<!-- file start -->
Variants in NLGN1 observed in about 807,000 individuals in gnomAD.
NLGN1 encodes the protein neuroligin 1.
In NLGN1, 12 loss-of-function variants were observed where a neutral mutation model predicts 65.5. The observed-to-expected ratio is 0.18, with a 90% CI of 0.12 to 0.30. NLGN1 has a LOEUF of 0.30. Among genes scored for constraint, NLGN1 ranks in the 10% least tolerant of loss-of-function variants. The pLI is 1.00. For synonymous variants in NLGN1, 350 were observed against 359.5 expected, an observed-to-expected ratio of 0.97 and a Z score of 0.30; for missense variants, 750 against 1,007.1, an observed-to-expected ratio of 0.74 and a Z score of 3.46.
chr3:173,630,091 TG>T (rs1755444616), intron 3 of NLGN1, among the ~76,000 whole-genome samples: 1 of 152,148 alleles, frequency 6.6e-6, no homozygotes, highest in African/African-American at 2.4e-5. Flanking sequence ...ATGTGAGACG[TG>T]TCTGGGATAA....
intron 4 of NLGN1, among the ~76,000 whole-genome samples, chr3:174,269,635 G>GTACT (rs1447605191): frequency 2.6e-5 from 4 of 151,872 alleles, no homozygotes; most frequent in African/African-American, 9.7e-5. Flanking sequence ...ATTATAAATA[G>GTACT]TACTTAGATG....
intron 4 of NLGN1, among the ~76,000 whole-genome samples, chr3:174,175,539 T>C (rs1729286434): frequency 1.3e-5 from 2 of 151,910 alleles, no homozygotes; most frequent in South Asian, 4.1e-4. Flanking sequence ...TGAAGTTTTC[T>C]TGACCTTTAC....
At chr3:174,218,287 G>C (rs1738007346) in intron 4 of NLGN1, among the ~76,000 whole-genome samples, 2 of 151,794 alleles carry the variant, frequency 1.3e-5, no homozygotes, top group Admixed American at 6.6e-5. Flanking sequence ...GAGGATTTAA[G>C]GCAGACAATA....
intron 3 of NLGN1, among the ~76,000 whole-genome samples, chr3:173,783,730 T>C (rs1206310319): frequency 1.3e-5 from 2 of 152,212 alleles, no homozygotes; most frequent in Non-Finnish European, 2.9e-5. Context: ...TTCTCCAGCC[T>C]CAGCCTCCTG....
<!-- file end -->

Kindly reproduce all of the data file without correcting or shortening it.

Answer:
Variants in NLGN1 observed in about 807,000 individuals in gnomAD.
NLGN1 encodes the protein neuroligin 1.
In NLGN1, 12 loss-of-function variants were observed where a neutral mutation model predicts 65.5. The observed-to-expected ratio is 0.18, with a 90% CI of 0.12 to 0.30. NLGN1 has a LOEUF of 0.30. Among genes scored for constraint, NLGN1 ranks in the 10% least tolerant of loss-of-function variants. The pLI is 1.00. For synonymous variants in NLGN1, 350 were observed against 359.5 expected, an observed-to-expected ratio of 0.97 and a Z score of 0.30; for missense variants, 750 against 1,007.1, an observed-to-expected ratio of 0.74 and a Z score of 3.46.
chr3:173,630,091 TG>T (rs1755444616), intron 3 of NLGN1, among the ~76,000 whole-genome samples: 1 of 152,148 alleles, frequency 6.6e-6, no homozygotes, highest in African/African-American at 2.4e-5. Flanking sequence ...ATGTGAGACG[TG>T]TCTGGGATAA....
intron 4 of NLGN1, among the ~76,000 whole-genome samples, chr3:174,269,635 G>GTACT (rs1447605191): frequency 2.6e-5 from 4 of 151,872 alleles, no homozygotes; most frequent in African/African-American, 9.7e-5. Flanking sequence ...ATTATAAATA[G>GTACT]TACTTAGATG....
intron 4 of NLGN1, among the ~76,000 whole-genome samples, chr3:174,175,539 T>C (rs1729286434): frequency 1.3e-5 from 2 of 151,910 alleles, no homozygotes; most frequent in South Asian, 4.1e-4. Flanking sequence ...TGAAGTTTTC[T>C]TGACCTTTAC....
At chr3:174,218,287 G>C (rs1738007346) in intron 4 of NLGN1, among the ~76,000 whole-genome samples, 2 of 151,794 alleles carry the variant, frequency 1.3e-5, no homozygotes, top group Admixed American at 6.6e-5. Flanking sequence ...GAGGATTTAA[G>C]GCAGACAATA....
intron 3 of NLGN1, among the ~76,000 whole-genome samples, chr3:173,783,730 T>C (rs1206310319): frequency 1.3e-5 from 2 of 152,212 alleles, no homozygotes; most frequent in Non-Finnish European, 2.9e-5. Context: ...TTCTCCAGCC[T>C]CAGCCTCCTG....